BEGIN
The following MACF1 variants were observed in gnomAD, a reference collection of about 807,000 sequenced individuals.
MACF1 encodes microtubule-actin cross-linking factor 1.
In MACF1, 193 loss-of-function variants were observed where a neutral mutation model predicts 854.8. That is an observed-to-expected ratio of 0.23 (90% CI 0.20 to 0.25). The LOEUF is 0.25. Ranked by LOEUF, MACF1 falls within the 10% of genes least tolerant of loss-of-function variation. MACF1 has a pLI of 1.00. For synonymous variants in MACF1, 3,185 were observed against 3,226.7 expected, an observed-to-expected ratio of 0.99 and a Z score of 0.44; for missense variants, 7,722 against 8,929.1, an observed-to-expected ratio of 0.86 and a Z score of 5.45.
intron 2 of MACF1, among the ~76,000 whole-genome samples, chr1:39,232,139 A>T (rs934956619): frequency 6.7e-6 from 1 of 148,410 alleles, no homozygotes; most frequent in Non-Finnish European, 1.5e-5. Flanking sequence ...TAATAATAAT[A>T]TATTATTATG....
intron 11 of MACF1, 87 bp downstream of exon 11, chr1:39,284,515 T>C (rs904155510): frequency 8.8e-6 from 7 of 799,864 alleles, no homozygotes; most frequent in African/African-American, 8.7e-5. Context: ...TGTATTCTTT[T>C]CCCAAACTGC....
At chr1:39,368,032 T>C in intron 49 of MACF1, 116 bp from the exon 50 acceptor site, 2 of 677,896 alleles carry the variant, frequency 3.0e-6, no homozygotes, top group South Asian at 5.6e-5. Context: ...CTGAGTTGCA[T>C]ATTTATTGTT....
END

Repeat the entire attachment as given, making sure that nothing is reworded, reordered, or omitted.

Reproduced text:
The following MACF1 variants were observed in gnomAD, a reference collection of about 807,000 sequenced individuals.
MACF1 encodes microtubule-actin cross-linking factor 1.
In MACF1, 193 loss-of-function variants were observed where a neutral mutation model predicts 854.8. That is an observed-to-expected ratio of 0.23 (90% CI 0.20 to 0.25). The LOEUF is 0.25. Ranked by LOEUF, MACF1 falls within the 10% of genes least tolerant of loss-of-function variation. MACF1 has a pLI of 1.00. For synonymous variants in MACF1, 3,185 were observed against 3,226.7 expected, an observed-to-expected ratio of 0.99 and a Z score of 0.44; for missense variants, 7,722 against 8,929.1, an observed-to-expected ratio of 0.86 and a Z score of 5.45.
intron 2 of MACF1, among the ~76,000 whole-genome samples, chr1:39,232,139 A>T (rs934956619): frequency 6.7e-6 from 1 of 148,410 alleles, no homozygotes; most frequent in Non-Finnish European, 1.5e-5. Flanking sequence ...TAATAATAAT[A>T]TATTATTATG....
intron 11 of MACF1, 87 bp downstream of exon 11, chr1:39,284,515 T>C (rs904155510): frequency 8.8e-6 from 7 of 799,864 alleles, no homozygotes; most frequent in African/African-American, 8.7e-5. Context: ...TGTATTCTTT[T>C]CCCAAACTGC....
At chr1:39,368,032 T>C in intron 49 of MACF1, 116 bp from the exon 50 acceptor site, 2 of 677,896 alleles carry the variant, frequency 3.0e-6, no homozygotes, top group South Asian at 5.6e-5. Context: ...CTGAGTTGCA[T>C]ATTTATTGTT....